Reaching Yellow River

By Roberta Hill b. 1947 Roberta Hill
“It isn’t a game for girls,”   
he said, grabbing a fifth   
with his right hand,
the wind with his left.

“For six days
I raced Jack Daniels.
He cheated, told jokes.   
Some weren’t even funny.

That’s how come he won.   
It took a long time
to reach this Yellow River.   
I’m not yet thirty,

or is it thirty-one?
Figured all my years
carried the same hard thaw.   
Out here, houselights hid

deep inside the trees.
For awhile I believed this road   
cut across to Spring Creek   
and I was trucking home.

I could kid you now,   
say I ran it clean,
gasping on one lung,   
loaded by a knapsack

of distrust and hesitation.   
I never got the tone
in all the talk of cure.
I sang Honor Songs, crawled

the railroad bridge to Canada.   
Dizzy from the ties,
I hung between both worlds.   
Clans of blackbirds circled

the nearby maple trees.
The dark heart of me said
no days more than these.
As sundown kindled the sumacs,

stunned by the river’s smile,   
I had no need for heat,
no need to feel ashamed.   
Inside me then the sound

of burning leaves. Tell them
I tumbled through a gap on the horizon.   
No, say I stumbled through a hummock   
and fell in a pit of stars.

When rain weakened my stride,   
I heard them singing
in a burl of white ash,
took a few more days to rave

at them in this wood.
Then their appaloosas nickered   
in the dawn and they came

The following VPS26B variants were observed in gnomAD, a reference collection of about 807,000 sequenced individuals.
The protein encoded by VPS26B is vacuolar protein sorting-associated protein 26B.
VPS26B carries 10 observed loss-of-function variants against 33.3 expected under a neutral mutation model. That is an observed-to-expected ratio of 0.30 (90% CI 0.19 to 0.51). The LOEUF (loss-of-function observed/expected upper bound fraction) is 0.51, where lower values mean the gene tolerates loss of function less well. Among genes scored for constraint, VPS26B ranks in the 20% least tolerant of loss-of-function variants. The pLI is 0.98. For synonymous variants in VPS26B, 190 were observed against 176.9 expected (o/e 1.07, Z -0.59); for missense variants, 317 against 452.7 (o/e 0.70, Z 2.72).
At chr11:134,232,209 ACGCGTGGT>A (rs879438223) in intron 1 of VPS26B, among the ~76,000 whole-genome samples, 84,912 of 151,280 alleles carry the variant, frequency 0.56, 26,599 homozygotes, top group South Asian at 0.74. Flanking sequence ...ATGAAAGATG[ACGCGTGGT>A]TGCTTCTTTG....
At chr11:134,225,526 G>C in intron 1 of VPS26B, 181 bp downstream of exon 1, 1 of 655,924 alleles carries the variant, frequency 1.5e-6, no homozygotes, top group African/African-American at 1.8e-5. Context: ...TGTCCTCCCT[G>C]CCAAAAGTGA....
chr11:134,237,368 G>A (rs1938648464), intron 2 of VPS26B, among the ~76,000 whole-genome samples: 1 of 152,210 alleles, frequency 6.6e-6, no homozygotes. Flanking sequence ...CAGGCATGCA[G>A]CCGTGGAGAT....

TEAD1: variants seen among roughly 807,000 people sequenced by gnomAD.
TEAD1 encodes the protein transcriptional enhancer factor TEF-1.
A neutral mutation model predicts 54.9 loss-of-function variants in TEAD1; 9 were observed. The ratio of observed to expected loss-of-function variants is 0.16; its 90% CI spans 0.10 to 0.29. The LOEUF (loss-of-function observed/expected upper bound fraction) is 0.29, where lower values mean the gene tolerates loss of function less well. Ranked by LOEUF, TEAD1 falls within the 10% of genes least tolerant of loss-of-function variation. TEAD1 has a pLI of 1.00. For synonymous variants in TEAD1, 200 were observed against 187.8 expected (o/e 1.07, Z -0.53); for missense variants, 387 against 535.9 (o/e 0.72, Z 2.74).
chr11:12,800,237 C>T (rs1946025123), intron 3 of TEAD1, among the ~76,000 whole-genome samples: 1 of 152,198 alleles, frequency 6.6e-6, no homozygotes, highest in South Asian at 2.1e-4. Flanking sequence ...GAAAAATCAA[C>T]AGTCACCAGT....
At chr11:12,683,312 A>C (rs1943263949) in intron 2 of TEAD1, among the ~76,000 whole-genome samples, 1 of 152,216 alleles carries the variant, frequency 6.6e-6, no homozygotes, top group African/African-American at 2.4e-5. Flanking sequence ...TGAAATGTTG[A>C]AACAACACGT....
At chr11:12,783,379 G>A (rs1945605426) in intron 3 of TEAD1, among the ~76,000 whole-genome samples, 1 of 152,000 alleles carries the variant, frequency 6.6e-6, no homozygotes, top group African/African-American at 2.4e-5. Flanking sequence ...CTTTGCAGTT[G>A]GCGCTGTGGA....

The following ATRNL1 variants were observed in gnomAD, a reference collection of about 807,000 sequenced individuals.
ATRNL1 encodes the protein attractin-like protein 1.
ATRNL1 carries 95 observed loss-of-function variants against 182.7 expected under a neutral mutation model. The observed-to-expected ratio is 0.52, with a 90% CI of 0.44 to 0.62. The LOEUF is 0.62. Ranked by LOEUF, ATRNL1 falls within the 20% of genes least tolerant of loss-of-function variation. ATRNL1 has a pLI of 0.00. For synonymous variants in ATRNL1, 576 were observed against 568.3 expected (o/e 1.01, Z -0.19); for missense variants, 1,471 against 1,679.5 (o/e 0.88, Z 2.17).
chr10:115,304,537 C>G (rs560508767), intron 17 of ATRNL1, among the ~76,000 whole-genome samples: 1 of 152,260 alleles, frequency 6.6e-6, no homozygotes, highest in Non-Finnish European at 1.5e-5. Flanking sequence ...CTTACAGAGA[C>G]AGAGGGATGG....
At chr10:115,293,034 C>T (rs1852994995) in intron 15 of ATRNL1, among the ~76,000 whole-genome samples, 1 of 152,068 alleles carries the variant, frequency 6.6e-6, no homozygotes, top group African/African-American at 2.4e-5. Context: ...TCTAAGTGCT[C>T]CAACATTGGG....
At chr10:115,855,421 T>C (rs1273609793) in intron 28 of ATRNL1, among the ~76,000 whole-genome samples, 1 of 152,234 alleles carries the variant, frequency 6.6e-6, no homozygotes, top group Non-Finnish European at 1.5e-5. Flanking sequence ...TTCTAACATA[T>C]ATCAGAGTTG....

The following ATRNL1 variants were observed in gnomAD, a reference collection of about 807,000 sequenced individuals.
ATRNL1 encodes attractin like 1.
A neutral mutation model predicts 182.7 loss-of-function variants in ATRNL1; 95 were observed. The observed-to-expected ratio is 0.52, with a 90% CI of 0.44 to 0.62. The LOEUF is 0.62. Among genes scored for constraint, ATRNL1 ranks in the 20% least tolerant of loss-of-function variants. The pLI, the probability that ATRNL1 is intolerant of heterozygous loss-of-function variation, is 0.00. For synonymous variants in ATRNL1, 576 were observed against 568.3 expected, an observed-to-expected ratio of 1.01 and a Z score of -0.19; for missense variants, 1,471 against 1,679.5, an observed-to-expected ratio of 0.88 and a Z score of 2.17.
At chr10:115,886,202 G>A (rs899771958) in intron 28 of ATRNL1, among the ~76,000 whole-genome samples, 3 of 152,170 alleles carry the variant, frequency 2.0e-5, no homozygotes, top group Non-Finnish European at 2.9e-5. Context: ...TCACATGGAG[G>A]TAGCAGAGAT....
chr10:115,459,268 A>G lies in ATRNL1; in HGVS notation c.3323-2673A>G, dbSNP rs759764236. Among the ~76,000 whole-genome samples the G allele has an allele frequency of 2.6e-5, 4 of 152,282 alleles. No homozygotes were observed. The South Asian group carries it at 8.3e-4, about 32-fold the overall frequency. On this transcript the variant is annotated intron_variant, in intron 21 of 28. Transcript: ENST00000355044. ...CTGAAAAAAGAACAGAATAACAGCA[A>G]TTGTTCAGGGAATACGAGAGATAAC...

riding down a close ravine.

Though the bottle was empty,   
I still hung on. Foxtails beat   
the grimace from my brow   
until I took off my pain

like a pair of old boots.
I became a hollow horn filled   
with rain, reflecting everything.   
The wind in my hand

burned cold as hoarfrost
when my grandfather nudged me   
and called out
my Lakota name.”

               In memory of Mato Heholgeca’s grandson

Roberta Hill Whiteman, “Reaching Yellow River” from Star Quilt. Copyright © 1984 by Roberta Hill Whiteman. Used by permission of Holy Cow! Press, www.holycowpress.org.

Source: Star Quilt (Holy Cow! Press, 1984)

Biography

Roberta Hill, a poet of Wisconsin Oneida heritage, is the author of three poetry collections: Star Quilt (1984, 1999)Philadelphia Flowers: Poems (1995), and Cicadas: New and Selected Poems (Holy Cow! Press, 2013). Her first book, Star Quilt,  juxtaposes her ancestral culture with formal approaches to verse. The poems revolve around six basic directions: north, south, east, west, skyward, and earthward. A sense of dispossession . . .

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Originally appeared in Poetry magazine.

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